CMS Will Maintain $750 Recovery Threshold for 2020
The Medicare Secondary Payer (MSP) provisions of the Social Security Act prohibit Medicare from making payment where payment has been made or can reasonably be expected to be made by a primary plan. If payment has not been made, or cannot reasonably be expected to be made promptly by the plan, Medicare may pay for the medical expense, conditionally, meaning that Medicare will seek reimbursement for the payment made from the primary plan, once primary responsibility has been demonstrated. However, Medicare incurs costs to seek recovery of payments made; costs which may include compiling related claims, calculating conditional payments, applying reductions, sending demands, and providing other customer service related to the recovery of the payments. The Strengthening Medicare and Repaying Taxpayers Act of 2012 (the SMART Act) requires the Centers for Medicare & Medicaid Services (CMS) to publish an annual threshold for recovery of conditional payments in November, each year. This threshold amount reflects an amount for which CMS will not spend more on collections than a claim is likely to yield. The 2020 recovery threshold for all non-group health plans will not change, and will remain at $750. This means that settlements of $750 or less do not need to be reported and Medicare’s conditional payment amount related to these cases does not need to be repaid.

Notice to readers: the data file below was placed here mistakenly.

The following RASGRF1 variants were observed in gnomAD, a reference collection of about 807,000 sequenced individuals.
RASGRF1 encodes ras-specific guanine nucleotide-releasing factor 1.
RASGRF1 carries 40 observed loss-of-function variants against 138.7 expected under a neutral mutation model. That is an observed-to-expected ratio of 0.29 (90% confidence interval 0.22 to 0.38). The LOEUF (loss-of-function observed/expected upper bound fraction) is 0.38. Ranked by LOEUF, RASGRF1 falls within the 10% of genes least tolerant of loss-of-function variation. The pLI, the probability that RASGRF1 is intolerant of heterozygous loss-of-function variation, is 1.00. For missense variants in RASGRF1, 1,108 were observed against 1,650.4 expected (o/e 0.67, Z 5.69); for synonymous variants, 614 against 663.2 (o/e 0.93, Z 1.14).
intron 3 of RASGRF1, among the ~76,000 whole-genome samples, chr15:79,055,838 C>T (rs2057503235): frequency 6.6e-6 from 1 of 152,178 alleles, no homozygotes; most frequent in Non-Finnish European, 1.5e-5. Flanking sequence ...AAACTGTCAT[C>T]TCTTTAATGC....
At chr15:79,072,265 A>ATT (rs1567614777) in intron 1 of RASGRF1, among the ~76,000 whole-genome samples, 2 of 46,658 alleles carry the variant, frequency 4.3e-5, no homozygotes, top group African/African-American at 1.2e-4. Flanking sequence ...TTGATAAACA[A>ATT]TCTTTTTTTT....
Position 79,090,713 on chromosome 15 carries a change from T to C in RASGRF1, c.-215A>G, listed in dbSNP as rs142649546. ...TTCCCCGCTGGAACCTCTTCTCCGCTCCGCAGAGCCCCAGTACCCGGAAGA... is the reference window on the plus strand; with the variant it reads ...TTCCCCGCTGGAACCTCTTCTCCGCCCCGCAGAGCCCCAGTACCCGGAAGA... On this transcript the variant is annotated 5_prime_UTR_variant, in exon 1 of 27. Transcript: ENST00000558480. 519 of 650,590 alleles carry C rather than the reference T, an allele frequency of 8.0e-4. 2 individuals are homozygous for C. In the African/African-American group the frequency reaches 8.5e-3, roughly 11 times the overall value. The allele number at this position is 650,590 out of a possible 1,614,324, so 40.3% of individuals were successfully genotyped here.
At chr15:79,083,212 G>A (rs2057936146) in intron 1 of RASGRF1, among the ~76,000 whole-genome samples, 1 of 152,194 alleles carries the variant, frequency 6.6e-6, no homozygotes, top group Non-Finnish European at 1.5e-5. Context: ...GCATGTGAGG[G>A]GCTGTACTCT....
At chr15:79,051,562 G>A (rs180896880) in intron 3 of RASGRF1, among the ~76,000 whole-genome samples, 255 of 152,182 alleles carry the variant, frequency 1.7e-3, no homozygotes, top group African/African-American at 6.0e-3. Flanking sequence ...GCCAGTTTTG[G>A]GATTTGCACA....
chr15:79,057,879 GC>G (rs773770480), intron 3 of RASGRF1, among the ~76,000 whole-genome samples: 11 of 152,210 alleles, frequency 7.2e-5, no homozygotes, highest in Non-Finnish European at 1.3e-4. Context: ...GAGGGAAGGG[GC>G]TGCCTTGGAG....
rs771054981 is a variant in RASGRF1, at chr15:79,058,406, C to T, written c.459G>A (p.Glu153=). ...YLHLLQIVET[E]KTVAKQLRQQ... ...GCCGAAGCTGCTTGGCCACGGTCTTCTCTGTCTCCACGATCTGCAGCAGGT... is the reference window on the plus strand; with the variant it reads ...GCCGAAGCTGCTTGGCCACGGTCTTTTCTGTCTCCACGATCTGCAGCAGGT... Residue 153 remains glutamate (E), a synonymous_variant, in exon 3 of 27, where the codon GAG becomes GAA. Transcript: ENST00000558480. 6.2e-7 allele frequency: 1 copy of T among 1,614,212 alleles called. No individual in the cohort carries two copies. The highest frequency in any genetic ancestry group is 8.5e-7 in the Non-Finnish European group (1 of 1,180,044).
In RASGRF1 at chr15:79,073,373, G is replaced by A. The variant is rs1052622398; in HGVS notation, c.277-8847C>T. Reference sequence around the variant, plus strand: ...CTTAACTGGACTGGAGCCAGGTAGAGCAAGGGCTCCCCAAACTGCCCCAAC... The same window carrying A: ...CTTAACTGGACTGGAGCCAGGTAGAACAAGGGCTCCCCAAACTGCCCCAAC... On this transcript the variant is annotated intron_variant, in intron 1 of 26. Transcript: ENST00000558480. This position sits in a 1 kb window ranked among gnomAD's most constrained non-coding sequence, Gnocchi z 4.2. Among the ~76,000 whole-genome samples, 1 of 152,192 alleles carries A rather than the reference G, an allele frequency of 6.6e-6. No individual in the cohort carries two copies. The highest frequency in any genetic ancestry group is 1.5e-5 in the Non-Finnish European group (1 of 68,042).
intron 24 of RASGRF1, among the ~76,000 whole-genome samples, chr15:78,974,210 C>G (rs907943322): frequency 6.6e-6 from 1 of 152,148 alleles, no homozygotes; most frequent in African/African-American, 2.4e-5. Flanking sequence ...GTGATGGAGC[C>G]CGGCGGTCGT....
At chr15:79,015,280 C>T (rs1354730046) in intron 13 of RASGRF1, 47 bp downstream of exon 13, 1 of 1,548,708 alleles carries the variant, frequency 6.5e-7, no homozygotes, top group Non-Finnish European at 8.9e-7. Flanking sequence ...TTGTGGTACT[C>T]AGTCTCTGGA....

In determining to maintain the $750 threshold, CMS reviewed the costs related to collecting data and determining the amount of Medicare’s recovery claim, as well as the available data (between August 2018 and July 2019) related to liability insurance (including self-insurance) cases, no-fault insurance and workers’ compensation cases. CMS estimated the average cost of recovery for liability and workers’ compensation cases is approximately $351 per case, based upon the amount of invoices paid to the Benefits Coordination and Recovery Contractors for work related to identifying and recovering NGHP conditional payments. CMS then did a comparison of the estimated cost of collection to the average demand amounts per settlement range to arrive at the determination to maintain the $750 threshold amount for 2020.
The threshold methodology as described above can be found here.